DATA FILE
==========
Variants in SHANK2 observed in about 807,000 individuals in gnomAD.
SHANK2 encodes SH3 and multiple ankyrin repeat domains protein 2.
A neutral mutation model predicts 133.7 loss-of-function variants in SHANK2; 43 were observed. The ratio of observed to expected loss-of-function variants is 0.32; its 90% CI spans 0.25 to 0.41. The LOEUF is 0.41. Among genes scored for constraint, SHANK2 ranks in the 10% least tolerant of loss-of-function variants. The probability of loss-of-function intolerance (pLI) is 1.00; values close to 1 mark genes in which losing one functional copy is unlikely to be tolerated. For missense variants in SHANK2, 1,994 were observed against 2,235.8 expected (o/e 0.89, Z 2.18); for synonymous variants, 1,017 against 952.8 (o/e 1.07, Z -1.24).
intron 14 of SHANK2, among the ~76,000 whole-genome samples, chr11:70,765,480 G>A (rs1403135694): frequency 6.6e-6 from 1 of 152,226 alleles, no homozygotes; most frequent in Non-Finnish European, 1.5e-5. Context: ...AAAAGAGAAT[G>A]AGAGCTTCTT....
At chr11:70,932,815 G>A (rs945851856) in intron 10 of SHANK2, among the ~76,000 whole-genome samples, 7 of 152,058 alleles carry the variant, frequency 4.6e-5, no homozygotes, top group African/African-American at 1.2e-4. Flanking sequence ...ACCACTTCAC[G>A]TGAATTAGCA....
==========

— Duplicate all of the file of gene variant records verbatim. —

Variants in SHANK2 observed in about 807,000 individuals in gnomAD.
SHANK2 encodes SH3 and multiple ankyrin repeat domains protein 2.
A neutral mutation model predicts 133.7 loss-of-function variants in SHANK2; 43 were observed. The ratio of observed to expected loss-of-function variants is 0.32; its 90% CI spans 0.25 to 0.41. The LOEUF is 0.41. Among genes scored for constraint, SHANK2 ranks in the 10% least tolerant of loss-of-function variants. The probability of loss-of-function intolerance (pLI) is 1.00; values close to 1 mark genes in which losing one functional copy is unlikely to be tolerated. For missense variants in SHANK2, 1,994 were observed against 2,235.8 expected (o/e 0.89, Z 2.18); for synonymous variants, 1,017 against 952.8 (o/e 1.07, Z -1.24).
intron 14 of SHANK2, among the ~76,000 whole-genome samples, chr11:70,765,480 G>A (rs1403135694): frequency 6.6e-6 from 1 of 152,226 alleles, no homozygotes; most frequent in Non-Finnish European, 1.5e-5. Context: ...AAAAGAGAAT[G>A]AGAGCTTCTT....
At chr11:70,932,815 G>A (rs945851856) in intron 10 of SHANK2, among the ~76,000 whole-genome samples, 7 of 152,058 alleles carry the variant, frequency 4.6e-5, no homozygotes, top group African/African-American at 1.2e-4. Flanking sequence ...ACCACTTCAC[G>A]TGAATTAGCA....